Keep up the good work.


19 October 2006

On “WSWS interviews: Sri Lankan soldiers oppose return to war”

It is humane articles like this that portray the horrors of war and the emptiness of vile politics that keeps the human spirit alive. Given all the horrors meted out to daring journalists for exposing the truth, one must hope that your people are safe from attacks by warmongers.

I have just two points. Isn’t it the case that the figure of “65,000 people killed” is an old figure repeated for more than a decade whereas it is more than 80,000 according to certain quotes? Hopefully, one day in the future Sri Lankans will wake up to the real number when this war is over based on actual statistical ground surveys.

The other point concerns the figure of 40,000 military deserters. According to official figures released by an ex-army commander, Gen. Balagalle, it was 80,000, of whom only 15,000 had surrendered their guns. It can only be presumed that 65,000 guns were unaccounted for, and hence presumed in circulation somewhere.

Your interviews are excellent material to portray the futility of war. A point often raised from time to time concerns the number of offspring and close relatives of politicians who had joined the military for making war. A few years the stark figure was 0. What is it like now? I bet it is still 0. It is appalling that this is a politician’s war at the poor man’s expense. Does anyone really know what it is about? Or will it be like the war in Iraq where open admissions are being made that it was thought that it was about WMDs, then about Al Qaeda, then about introducing democracy, about keeping Iraq a unitary state, and now it is about checking the civil war while there is a debate whether Iraq should be divided after all! What a state of affairs led by politicians!

SL seems headed on the same course. As the famous Napoleon said, war is too dangerous a matter to be left to generals, the present-day politicians have taken the place of generals during Napoleon’s days.


20 October 2006

On “The case of Curt Weldon: Republican congressman targeted after criticizing 9/11 cover-up”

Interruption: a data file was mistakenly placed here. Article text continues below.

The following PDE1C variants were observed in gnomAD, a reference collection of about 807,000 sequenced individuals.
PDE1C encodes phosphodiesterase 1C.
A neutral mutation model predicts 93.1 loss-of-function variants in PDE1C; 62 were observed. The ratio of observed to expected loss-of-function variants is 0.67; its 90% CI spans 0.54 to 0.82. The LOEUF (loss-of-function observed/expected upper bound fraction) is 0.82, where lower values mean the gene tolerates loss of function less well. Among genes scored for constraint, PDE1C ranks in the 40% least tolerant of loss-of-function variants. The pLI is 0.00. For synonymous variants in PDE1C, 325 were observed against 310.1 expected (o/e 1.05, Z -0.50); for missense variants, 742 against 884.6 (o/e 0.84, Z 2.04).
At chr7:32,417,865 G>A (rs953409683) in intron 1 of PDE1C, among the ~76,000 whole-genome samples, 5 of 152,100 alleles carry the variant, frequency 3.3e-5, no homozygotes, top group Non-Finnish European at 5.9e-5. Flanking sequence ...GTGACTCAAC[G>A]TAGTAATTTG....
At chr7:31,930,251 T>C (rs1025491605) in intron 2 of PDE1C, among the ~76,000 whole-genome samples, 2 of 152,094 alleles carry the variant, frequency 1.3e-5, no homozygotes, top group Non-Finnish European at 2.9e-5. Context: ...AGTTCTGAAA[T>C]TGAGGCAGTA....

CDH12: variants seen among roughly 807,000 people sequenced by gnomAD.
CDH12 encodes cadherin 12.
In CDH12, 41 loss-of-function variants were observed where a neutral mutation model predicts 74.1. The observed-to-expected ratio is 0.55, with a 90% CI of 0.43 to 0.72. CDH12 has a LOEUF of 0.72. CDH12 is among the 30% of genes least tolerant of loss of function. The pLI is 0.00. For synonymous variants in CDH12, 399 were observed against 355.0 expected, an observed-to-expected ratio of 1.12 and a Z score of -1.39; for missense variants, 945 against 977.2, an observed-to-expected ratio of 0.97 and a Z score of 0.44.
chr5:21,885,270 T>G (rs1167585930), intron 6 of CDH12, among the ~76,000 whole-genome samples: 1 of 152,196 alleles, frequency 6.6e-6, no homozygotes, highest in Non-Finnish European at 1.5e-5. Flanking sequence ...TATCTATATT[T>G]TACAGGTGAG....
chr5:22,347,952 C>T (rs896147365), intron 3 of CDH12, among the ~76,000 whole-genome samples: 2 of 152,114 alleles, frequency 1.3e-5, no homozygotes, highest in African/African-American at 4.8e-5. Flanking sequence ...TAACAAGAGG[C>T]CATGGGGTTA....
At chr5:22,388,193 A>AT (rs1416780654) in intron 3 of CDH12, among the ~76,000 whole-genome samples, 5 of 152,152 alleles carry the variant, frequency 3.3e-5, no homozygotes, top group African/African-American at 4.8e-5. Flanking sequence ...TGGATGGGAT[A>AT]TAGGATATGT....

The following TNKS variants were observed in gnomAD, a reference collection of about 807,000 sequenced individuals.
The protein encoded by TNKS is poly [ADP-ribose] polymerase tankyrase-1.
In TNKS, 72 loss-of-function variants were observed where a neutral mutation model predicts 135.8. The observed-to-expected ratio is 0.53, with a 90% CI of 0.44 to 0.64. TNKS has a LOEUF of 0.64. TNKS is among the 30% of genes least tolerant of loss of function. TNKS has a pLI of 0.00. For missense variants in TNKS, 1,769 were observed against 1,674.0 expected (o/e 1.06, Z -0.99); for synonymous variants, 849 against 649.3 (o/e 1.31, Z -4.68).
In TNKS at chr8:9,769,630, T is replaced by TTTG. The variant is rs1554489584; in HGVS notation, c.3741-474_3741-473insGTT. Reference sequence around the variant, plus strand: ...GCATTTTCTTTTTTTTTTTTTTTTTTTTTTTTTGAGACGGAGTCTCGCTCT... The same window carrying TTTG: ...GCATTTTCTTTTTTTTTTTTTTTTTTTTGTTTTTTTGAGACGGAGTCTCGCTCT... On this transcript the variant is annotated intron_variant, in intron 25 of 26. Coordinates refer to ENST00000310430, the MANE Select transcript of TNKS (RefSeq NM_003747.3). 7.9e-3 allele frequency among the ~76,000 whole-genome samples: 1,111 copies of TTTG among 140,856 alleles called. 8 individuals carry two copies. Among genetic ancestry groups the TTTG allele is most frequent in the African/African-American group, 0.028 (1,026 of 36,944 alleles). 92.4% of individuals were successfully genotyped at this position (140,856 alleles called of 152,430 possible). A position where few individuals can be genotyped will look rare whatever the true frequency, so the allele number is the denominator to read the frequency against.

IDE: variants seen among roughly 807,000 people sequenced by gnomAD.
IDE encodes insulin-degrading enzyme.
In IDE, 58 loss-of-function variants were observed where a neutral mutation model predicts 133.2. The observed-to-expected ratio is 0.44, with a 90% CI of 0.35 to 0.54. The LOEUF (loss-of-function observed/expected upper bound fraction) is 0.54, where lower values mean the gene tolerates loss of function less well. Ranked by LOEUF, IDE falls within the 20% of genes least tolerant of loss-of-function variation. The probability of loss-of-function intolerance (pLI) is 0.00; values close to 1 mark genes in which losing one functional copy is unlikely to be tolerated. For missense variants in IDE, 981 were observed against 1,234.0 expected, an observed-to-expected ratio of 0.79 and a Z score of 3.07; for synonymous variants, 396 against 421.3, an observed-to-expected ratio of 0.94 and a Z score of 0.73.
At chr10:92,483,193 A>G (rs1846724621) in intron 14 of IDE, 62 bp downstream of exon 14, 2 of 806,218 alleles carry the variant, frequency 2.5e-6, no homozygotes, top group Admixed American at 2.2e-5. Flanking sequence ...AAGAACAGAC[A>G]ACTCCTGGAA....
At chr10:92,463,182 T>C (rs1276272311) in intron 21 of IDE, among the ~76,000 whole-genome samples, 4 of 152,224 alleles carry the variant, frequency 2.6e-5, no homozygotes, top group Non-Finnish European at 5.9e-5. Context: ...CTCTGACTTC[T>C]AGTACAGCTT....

You make a good argument that Rep. Weldon is being targeted now for the problems he created for the 9/11 cover-up when he released the Able Danger documents. The name escapes me now, but there was a Democratic congressman who was convicted of bribery and sent to jail after he tried to investigate what happened at Oklahoma City.

My comment about the FBI going outside their usual practice of avoiding investigations that would affect an ongoing election campaign is that their first job must be to maintain overall government corruption.


St. Louis, Missouri

23 October 2006

On “Toronto International Film Festival 2006”

I must admit to being a bit disappointed with your Toronto Film Festival coverage this year. While the Iraq documentaries certainly have merit, one gets a little lost and loses interest in the constant stream of them. I’d like to at the same time get your take on films other critics are lavishing praise on this year, and was especially interested in your opinion on acclaimed films like Summer Palace and Colossal Youth. I was hoping for a little more on the new Gianni Amelio, a filmmaker whose work I always try to follow (even though his last two films haven’t done much for me). Your review of his latest, which hasn’t otherwise received much press, was a little too succinct. I’m enjoying the Vancouver coverage more.


23 October 2006